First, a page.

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No-data Group Title

Why is the sky red during the sunset?

  • one year ago
  • one year ago

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  1. monokerous Group Title
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    Rayleigh scattering occurs when light scatters off of small particles in the atmosphere. Rayleigh scattering is isotropic and favours shorter wavelengths which means that blue light is more likely to scatter than red light. During the day, this is the reason the sky is blue as the blue wavelengths tend to scatter off of particles in the atmosphere and into our eyes while the red wavelengths pass by over head. However, when the sun is setting, the light must travel through more atmosphere and so the blue wavelengths are scattered away from our sight, while the red wavelengths are left to propagate through the atmosphere and into our eyes. It is because of the relative amounts of each wavelength that we perceive blue or red versus when we perceive white which is a mixture of all "colours". Red light is least scattered by the atmosphere, therefore mostly red light penetrates the graeter thickness of atmosphere that light travels through at sunset. Blue light is most scattered by the atmosphere, that's why the clear sky is blue in the daytime. Sunsets are red because the sun is at a lower tilt and the electromagnetic waves have more atmosphere to travel through before it gets to you eyes so it has a longer wavelength, making it appear a reddish color.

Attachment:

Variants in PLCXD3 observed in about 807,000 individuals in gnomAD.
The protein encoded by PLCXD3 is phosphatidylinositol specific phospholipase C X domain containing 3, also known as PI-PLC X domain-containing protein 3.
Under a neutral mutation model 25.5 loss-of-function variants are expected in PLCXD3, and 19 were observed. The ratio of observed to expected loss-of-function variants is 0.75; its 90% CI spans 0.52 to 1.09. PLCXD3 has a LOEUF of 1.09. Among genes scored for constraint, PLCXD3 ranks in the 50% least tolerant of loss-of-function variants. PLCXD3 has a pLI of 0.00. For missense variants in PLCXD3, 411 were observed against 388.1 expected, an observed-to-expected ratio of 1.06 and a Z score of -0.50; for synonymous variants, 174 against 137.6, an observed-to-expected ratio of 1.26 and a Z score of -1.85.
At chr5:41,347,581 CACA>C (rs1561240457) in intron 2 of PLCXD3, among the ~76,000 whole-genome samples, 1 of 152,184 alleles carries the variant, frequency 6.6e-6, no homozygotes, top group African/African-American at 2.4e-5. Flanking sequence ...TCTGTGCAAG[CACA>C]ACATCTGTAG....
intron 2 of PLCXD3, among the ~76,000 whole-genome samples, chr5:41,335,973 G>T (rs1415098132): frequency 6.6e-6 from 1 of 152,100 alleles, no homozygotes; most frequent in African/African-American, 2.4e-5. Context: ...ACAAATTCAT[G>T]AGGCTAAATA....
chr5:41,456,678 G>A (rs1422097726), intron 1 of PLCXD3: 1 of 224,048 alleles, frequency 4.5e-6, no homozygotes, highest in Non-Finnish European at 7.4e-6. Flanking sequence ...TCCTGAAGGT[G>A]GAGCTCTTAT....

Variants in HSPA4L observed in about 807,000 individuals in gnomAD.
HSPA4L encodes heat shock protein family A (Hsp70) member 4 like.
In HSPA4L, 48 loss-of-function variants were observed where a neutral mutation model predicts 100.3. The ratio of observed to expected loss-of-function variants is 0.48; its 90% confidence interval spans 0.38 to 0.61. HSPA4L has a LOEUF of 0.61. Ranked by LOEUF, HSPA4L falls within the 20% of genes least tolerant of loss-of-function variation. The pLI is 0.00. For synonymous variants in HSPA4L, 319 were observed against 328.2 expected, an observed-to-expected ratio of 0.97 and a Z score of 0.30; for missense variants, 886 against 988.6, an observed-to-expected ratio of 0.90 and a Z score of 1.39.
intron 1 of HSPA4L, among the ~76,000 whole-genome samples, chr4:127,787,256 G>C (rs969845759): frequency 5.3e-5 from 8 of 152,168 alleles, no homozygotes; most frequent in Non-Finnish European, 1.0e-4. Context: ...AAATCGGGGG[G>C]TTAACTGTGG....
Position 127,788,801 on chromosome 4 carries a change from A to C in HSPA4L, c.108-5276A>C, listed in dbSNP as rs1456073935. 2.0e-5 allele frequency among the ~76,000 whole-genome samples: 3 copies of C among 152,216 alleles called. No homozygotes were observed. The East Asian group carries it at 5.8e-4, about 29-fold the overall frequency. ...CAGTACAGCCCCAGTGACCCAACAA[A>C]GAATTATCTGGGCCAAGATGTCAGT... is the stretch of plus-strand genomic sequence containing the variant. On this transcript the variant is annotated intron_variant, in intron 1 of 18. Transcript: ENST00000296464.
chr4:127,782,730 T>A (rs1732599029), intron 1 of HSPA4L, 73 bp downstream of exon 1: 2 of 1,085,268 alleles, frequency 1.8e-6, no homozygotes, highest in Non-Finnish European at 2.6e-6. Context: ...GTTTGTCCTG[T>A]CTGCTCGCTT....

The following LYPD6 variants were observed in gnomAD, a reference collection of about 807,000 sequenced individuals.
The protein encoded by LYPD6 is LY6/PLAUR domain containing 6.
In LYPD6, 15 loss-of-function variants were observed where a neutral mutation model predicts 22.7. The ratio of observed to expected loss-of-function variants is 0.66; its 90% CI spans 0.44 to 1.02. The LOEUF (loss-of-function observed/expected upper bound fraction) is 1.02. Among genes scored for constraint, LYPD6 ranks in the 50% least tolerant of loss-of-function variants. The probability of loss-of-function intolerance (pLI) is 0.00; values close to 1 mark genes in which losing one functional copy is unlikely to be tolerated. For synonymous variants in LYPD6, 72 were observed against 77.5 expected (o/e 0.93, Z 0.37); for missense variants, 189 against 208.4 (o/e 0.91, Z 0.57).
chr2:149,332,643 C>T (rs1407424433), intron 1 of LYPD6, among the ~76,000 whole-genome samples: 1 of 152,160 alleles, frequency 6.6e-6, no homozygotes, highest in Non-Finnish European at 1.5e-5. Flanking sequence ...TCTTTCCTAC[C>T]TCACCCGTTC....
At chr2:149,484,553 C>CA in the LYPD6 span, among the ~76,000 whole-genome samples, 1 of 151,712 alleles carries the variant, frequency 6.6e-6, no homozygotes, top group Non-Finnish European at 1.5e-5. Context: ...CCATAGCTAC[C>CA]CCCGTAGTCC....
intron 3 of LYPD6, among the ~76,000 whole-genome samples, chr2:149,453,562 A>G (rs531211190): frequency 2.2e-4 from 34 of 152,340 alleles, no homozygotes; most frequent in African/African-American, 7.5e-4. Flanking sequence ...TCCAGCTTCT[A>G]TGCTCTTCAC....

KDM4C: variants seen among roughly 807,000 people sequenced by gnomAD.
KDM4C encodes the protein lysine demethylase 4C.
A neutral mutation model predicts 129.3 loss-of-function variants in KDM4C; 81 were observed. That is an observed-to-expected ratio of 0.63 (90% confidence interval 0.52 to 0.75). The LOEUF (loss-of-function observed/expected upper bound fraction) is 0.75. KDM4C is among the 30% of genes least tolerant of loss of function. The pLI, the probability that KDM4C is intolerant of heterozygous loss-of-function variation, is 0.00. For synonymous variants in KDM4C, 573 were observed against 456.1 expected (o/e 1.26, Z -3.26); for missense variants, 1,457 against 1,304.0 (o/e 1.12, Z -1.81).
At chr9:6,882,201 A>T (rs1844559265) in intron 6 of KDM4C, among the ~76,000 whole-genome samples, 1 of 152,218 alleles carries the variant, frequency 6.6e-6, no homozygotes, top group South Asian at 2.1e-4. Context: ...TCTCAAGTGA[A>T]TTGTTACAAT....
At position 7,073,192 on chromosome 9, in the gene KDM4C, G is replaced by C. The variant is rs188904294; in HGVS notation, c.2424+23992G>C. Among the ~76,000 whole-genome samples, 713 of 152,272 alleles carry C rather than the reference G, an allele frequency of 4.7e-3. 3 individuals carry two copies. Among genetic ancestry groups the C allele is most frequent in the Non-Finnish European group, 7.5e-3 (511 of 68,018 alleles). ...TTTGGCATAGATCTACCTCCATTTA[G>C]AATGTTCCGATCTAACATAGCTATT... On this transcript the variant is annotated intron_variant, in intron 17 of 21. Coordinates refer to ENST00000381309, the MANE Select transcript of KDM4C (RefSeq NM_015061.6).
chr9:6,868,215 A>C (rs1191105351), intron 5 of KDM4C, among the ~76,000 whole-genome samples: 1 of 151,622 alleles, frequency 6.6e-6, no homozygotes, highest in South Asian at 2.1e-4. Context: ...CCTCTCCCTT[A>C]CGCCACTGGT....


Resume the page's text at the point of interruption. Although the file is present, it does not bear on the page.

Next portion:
• one year ago
  2. experimentX Group Title
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    check this out http://ocw.mit.edu/courses/physics/8-02-electricity-and-magnetism-spring-2002/video-lectures/lecture-30-polarizers-and-maluss-law/

    • one year ago
  3. Fellowroot Group Title
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    It can also be due to the pollution or volcano dust that is in the air too, which acts like particles.

    • one year ago
  4. Carl_Pham Group Title
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    Light is scattered best by particles (or density fluctuations in the air) that are about the same size as the wavelength of light. Since there are always more smaller particles than larger, and more smaller density fluctuations than larger, it follows that shorter wavelengths (towards the blue) will always be scattered more than longer wavelengths (towards the red). As pointed out above, if you look at the Sun through the atmosphere, you are looking at the light that has NOT been scattered by traveling through 8000 miles or so of atmosphere. It will be more red than blue.

    • one year ago
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